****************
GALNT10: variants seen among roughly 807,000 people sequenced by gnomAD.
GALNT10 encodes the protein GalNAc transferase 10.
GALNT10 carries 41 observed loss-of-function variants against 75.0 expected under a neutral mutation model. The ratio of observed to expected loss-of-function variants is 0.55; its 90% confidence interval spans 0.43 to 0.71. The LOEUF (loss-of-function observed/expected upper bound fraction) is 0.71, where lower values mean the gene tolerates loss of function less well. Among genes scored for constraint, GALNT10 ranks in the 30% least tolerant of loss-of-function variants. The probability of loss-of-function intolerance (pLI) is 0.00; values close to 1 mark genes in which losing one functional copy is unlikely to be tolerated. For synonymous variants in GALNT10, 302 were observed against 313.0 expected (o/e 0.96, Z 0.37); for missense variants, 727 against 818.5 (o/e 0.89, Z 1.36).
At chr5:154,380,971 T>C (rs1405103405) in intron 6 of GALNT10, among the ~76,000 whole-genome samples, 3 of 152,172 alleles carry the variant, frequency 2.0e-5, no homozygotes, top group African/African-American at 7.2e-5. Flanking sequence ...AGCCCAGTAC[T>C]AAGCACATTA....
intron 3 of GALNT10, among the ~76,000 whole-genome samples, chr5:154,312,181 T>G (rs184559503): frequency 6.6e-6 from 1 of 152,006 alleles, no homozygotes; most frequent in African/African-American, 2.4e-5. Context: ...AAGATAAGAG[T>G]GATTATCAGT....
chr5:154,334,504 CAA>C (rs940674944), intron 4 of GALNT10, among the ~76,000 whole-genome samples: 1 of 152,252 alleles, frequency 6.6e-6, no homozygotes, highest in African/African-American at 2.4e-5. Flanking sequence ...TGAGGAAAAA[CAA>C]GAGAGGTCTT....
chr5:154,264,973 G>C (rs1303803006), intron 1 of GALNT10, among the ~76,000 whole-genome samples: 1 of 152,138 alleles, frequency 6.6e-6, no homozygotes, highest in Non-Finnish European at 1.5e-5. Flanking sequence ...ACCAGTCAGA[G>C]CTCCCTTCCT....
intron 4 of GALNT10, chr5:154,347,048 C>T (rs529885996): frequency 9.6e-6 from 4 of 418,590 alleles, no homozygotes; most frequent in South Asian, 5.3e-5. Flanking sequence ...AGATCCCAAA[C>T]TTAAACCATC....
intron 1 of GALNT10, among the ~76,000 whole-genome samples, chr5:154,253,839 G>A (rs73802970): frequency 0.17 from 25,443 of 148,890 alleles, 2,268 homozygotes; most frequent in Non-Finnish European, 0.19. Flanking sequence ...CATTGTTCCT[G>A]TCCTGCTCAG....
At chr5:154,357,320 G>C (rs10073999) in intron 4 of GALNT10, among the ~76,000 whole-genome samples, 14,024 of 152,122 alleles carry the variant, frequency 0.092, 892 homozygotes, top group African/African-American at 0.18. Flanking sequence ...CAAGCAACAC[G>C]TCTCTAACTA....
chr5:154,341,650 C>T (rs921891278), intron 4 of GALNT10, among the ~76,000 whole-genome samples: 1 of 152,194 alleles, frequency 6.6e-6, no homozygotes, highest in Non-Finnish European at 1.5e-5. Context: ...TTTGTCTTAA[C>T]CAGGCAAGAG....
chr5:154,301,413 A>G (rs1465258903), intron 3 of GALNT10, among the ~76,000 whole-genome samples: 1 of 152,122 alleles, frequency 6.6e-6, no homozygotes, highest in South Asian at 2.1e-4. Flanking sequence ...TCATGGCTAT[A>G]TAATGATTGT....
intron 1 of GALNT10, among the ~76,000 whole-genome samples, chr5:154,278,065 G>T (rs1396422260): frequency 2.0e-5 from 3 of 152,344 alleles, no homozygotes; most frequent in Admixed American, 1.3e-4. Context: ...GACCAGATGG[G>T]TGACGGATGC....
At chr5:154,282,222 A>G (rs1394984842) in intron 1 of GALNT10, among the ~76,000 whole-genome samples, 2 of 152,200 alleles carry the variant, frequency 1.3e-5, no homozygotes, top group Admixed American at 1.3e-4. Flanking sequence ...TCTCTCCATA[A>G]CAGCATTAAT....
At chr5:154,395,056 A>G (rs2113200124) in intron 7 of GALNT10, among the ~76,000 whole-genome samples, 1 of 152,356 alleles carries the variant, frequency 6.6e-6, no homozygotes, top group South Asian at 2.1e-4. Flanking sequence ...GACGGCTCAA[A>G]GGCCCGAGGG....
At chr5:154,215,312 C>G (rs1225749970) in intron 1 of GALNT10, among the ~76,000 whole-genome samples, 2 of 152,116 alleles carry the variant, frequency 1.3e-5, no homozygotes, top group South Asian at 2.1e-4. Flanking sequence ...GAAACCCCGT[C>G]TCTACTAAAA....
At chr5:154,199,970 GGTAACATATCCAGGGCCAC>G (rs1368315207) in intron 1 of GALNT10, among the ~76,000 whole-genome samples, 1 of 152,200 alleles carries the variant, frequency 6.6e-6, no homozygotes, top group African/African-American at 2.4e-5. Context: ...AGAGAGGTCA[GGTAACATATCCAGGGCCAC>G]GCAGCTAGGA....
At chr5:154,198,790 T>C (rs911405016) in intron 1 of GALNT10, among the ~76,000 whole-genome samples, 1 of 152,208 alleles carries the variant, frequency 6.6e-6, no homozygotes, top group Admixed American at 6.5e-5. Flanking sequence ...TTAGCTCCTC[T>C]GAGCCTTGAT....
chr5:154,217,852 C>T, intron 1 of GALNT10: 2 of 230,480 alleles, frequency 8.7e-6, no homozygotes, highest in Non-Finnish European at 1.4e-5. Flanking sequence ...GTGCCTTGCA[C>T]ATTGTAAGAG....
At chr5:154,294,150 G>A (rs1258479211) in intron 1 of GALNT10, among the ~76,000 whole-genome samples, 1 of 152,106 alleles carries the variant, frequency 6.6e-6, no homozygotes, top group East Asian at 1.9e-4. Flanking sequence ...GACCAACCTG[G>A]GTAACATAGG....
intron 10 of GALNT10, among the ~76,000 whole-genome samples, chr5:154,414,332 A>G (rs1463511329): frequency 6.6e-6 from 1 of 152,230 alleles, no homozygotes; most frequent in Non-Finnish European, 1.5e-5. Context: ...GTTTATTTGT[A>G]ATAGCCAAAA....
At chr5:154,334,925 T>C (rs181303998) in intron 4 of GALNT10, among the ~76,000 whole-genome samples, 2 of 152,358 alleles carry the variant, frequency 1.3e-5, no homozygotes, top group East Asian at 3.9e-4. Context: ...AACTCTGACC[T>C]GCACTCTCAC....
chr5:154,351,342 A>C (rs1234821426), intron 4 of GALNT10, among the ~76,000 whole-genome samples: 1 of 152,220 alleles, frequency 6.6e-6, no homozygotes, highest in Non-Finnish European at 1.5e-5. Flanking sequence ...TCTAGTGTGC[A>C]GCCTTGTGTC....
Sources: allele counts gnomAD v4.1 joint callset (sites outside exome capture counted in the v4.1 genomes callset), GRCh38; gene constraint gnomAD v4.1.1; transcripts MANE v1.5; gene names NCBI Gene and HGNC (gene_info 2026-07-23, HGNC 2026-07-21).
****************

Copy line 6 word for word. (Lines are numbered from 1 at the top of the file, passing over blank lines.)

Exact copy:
chr5:154,334,504 CAA>C (rs940674944), intron 4 of GALNT10, among the ~76,000 whole-genome samples: 1 of 152,252 alleles, frequency 6.6e-6, no homozygotes, highest in African/African-American at 2.4e-5. Flanking sequence ...TGAGGAAAAA[CAA>C]GAGAGGTCTT....